Becoming One of the 2% of Teen Moms That Graduate College

I’m not going to throw a lot of statistics at you, but I came across one that stopped me in my tracks: 2% of teen moms finish college by the time they are 30.


I had my first child at 15 and my second at 21. I came across this statistic just a few weeks ago. If I had known this during my college years, I probably would have felt like the odds were against me. But here’s the thing: I already knew it would be hard. I felt those odds. I lived those odds. I didn’t need confirmation that I was one of the few.

I already knew.

But knowing, now that I have my college degree; that I am one of the 2% lifts my spirits. Lifts me to do things that seem like I could never do that. Whatever THAT is.

Because being of the 2% means that a whole lot of folks told me it wasn’t going to happen. More people will tell you, without openly saying, that you will fail.

And I just didn’t listen to them.

You shouldn’t listen to them.

I jumped over the obstacles, like you will.

Crushed through the barriers, like you will have to.

I’m a writer by trade. It’s what I studied in college.  As a writer, I’m terrible at math. My brain just doesn’t operate in the 1 + 1 department. Sure, I can write you an essay or tell you a story about anything, but math? Forget it.

I’m useless.

Half the battle, like I said, is showing up. But once you’re there, the obstacles continue. I’ll never forget one of my writing professors, the person who was supposed to be my mentor, my rock, the person to help my dreams come true, told me that I should work for the IRS.

It was a blow.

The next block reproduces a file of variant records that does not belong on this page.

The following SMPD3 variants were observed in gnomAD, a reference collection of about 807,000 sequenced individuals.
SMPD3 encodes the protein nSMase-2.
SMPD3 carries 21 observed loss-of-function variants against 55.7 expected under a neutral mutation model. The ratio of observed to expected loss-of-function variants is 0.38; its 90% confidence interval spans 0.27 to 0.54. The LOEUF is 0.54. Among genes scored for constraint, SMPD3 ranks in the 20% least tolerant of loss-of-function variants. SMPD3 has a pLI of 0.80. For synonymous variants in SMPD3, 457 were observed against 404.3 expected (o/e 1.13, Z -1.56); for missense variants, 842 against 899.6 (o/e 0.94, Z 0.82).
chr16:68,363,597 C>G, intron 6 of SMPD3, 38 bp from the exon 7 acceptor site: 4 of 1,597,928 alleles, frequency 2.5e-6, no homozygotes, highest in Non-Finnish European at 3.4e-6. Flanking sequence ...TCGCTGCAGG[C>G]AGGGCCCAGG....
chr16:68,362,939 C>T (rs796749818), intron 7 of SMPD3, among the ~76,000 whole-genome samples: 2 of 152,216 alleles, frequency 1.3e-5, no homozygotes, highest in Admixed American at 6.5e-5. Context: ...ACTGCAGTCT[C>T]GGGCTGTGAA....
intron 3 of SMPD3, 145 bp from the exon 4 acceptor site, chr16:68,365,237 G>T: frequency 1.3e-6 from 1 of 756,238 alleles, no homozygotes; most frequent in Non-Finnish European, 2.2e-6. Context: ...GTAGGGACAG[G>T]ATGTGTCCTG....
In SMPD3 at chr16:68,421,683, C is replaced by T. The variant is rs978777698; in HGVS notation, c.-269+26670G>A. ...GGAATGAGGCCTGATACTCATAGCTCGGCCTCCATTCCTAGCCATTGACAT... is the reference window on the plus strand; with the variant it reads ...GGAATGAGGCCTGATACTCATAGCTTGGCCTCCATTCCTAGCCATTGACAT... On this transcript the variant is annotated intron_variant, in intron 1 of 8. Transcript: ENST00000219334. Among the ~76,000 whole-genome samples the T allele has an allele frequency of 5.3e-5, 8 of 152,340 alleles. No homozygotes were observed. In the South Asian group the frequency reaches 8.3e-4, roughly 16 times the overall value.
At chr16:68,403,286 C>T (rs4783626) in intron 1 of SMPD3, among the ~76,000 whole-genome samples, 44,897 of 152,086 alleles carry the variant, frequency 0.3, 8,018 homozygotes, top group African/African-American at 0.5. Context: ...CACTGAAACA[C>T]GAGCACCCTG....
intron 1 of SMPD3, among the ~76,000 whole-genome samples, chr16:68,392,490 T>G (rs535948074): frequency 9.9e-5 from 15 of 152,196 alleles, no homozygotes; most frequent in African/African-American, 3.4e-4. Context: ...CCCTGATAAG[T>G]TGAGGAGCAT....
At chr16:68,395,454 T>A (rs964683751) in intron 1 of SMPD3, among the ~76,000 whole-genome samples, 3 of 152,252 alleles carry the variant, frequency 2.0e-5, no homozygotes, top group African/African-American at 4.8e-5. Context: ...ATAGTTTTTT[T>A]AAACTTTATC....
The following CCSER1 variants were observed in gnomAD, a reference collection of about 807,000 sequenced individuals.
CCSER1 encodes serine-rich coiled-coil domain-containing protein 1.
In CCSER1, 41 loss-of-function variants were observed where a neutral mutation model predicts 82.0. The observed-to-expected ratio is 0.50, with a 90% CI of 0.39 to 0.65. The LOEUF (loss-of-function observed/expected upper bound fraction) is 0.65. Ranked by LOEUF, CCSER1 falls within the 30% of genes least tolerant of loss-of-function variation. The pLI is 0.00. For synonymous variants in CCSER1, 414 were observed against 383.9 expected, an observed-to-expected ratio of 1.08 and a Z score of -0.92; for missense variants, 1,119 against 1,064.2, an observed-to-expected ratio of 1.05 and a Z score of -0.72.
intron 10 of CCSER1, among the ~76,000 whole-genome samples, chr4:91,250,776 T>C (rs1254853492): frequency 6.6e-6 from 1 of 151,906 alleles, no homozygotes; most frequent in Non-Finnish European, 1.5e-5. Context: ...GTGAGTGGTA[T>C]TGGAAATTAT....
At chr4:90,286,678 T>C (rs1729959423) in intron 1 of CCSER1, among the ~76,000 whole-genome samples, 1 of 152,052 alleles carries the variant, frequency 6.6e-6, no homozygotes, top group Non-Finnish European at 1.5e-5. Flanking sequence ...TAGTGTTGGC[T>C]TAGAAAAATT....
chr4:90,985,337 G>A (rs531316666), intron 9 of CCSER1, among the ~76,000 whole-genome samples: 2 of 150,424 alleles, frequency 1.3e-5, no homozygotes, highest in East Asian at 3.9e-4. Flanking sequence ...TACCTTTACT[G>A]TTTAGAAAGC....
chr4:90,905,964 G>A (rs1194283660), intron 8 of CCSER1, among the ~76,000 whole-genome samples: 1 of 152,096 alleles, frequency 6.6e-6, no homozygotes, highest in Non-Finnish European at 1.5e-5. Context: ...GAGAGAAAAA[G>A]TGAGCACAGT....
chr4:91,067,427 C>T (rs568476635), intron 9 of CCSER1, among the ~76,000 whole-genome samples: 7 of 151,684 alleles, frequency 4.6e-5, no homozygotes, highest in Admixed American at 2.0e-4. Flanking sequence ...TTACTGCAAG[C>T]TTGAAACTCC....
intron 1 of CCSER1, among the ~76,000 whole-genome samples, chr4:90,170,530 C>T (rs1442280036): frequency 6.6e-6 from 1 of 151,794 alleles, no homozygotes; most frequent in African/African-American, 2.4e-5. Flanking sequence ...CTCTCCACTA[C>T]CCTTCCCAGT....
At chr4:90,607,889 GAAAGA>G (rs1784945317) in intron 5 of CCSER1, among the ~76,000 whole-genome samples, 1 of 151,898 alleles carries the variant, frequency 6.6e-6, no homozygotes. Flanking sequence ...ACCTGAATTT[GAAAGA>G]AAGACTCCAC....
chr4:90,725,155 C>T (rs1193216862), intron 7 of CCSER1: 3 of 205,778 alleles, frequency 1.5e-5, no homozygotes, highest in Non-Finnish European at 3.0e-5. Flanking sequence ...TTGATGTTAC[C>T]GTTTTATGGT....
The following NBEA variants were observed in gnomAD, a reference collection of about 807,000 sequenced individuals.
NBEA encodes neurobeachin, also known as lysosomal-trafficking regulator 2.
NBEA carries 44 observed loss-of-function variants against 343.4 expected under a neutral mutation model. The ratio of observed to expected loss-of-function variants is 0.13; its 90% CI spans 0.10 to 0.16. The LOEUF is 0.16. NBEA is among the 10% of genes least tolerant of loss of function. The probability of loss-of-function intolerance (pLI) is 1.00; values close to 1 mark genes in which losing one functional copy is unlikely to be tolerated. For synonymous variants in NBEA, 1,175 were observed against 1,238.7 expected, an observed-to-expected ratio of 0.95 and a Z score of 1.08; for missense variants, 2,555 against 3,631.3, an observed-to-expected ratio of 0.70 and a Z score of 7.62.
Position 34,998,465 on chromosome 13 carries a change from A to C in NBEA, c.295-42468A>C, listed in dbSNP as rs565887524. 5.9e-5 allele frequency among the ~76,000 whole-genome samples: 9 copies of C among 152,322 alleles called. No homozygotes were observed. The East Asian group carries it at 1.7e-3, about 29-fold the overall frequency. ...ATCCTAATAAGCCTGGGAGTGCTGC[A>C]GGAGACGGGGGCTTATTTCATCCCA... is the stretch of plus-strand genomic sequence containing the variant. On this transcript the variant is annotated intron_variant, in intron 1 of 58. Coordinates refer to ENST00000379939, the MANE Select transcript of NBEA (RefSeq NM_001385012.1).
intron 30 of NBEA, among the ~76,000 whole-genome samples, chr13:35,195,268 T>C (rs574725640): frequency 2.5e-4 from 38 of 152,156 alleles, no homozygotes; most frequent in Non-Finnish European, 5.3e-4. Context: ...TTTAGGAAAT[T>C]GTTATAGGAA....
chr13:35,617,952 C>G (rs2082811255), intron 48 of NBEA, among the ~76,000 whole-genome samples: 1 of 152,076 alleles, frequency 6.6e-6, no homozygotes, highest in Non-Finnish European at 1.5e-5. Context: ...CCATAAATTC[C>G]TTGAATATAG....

You mean, work with numbers?


How was I supposed to become a writer if this college professor believed the words I strung together were so terrible that I should seek out a career that I knew I couldn’t do?

So, I did what I have always done when faced with an obstacle: I didn’t listen.

Sure, there were moments where I practically begged for guidance. For anyone to please show me the path.


Just tell me how it’s done.

And I will follow.

But in the back of my mind I kept telling myself: you have something to say, you are a writer, that professor is just a grumpy old man, don’t listen. Do. Not. Listen. To. Him.

While in college, I began writing the journey of my struggles as a young mother and college student. When I wasn’t reading, finishing papers, or being mom, I was writing about being a mom.  What it was like to go swimming with a toddler, stay up all night to write a paper, everyday life.

It was boring. And it was terrible writing.

No one but my sister and an amazing group of other young mothers read it.

But I was listening to myself and writing! And I also learned a few things: like how to write so people will pay attention, how to edit a website, how to shift when the Internet changes, how to create an e-newsletter, how to, when you’re stuck, build supportive friendships that push you through sleepless nights and doubt. Especially when all of your friends are being young and single and unattached or your parents are unsupportive.

By writing, even if it was terrible, I was listening to myself – making noise – and crashing through barriers.

I was demanding to be heard. To prove to whomever, whatever that I was going to be right. I would make it. I would be the 2%.